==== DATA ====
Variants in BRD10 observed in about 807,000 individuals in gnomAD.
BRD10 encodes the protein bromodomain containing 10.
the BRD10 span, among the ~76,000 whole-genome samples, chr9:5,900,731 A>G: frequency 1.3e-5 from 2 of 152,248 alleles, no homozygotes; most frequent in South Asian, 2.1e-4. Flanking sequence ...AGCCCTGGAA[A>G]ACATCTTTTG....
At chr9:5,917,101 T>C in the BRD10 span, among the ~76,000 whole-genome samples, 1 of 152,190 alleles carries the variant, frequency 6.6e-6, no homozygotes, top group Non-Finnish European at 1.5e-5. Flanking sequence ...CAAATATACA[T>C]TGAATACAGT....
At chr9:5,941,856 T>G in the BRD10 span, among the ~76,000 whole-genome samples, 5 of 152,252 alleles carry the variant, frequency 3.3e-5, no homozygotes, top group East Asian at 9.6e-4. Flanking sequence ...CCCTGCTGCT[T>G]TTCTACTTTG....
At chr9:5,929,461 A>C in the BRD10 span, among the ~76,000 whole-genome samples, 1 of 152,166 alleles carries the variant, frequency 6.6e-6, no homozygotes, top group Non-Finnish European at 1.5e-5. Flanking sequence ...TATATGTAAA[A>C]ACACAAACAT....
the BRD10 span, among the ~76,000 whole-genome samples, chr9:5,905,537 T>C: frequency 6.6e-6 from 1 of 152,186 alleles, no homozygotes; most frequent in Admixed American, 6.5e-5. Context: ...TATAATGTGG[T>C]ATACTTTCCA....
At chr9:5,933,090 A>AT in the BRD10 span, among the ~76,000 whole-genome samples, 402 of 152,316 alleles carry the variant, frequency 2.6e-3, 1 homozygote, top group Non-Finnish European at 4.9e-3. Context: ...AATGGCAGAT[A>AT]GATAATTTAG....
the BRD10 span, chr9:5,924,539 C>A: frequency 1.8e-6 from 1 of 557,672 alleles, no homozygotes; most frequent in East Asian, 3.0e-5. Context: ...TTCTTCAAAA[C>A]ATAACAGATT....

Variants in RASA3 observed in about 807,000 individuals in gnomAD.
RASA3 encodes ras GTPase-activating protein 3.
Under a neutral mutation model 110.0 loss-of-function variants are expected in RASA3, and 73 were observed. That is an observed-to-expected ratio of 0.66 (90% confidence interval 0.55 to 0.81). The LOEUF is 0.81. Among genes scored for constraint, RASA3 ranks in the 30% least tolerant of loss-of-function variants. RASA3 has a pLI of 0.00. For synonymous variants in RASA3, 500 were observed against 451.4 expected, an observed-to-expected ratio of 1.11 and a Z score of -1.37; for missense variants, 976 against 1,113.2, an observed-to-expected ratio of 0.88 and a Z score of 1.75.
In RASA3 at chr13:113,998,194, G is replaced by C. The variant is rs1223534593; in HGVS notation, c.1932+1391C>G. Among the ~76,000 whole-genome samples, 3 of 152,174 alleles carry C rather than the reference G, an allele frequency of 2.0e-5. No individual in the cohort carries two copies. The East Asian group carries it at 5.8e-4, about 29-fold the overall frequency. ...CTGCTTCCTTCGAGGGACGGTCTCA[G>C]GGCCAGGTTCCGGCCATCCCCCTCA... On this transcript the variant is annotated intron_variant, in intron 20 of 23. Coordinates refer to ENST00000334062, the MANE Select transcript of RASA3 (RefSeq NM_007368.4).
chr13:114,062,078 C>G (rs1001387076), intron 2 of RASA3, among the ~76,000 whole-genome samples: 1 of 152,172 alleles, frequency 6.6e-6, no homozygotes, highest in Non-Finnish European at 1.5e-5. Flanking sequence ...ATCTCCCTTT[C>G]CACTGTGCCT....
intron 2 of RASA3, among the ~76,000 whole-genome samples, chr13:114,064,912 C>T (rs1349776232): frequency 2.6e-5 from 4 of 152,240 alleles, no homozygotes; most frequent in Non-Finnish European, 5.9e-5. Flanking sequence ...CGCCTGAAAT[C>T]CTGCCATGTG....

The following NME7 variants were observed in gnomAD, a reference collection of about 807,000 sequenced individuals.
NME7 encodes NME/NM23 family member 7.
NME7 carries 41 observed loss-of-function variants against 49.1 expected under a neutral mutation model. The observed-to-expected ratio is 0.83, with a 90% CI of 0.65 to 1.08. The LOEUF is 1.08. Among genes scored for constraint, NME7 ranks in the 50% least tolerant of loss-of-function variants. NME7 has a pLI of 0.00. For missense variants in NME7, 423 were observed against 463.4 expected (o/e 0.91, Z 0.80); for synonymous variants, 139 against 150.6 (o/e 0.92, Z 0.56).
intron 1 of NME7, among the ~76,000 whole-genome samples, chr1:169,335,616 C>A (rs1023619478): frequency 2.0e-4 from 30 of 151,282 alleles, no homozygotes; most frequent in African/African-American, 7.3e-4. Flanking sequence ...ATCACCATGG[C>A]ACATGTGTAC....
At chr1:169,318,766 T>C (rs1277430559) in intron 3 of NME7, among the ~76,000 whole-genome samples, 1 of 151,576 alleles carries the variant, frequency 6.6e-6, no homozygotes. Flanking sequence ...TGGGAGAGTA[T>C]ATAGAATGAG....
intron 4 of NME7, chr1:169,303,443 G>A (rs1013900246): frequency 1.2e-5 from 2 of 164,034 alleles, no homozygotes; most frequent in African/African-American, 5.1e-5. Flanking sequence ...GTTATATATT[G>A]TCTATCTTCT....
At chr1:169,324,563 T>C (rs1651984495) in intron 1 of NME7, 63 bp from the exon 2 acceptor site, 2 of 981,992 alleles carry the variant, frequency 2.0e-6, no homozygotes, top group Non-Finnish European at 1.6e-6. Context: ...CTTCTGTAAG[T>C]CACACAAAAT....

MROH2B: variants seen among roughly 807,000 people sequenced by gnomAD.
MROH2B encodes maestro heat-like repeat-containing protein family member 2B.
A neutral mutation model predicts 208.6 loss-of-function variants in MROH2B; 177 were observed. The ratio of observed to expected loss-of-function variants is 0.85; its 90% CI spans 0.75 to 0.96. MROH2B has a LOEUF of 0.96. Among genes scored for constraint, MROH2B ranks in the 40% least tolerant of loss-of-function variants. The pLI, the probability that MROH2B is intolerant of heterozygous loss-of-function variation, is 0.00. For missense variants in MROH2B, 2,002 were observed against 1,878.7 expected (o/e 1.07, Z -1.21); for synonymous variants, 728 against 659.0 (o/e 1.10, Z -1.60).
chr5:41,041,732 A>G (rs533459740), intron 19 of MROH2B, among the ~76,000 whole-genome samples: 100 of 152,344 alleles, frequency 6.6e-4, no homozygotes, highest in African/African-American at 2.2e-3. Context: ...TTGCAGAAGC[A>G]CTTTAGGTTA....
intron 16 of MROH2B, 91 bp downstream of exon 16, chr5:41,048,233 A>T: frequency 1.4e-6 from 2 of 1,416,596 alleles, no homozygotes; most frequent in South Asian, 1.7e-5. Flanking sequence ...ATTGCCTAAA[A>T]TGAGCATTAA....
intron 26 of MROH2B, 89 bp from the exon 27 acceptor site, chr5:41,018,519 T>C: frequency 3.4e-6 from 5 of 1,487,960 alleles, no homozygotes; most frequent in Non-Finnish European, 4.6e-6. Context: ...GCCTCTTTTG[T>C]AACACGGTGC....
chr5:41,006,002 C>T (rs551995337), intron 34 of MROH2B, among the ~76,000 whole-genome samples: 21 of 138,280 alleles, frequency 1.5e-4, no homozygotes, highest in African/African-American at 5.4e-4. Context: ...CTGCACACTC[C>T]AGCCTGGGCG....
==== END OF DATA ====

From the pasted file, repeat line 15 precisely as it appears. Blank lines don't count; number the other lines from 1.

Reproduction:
intron 2 of RASA3, among the ~76,000 whole-genome samples, chr13:114,064,912 C>T (rs1349776232): frequency 2.6e-5 from 4 of 152,240 alleles, no homozygotes; most frequent in Non-Finnish European, 5.9e-5. Flanking sequence ...CGCCTGAAAT[C>T]CTGCCATGTG....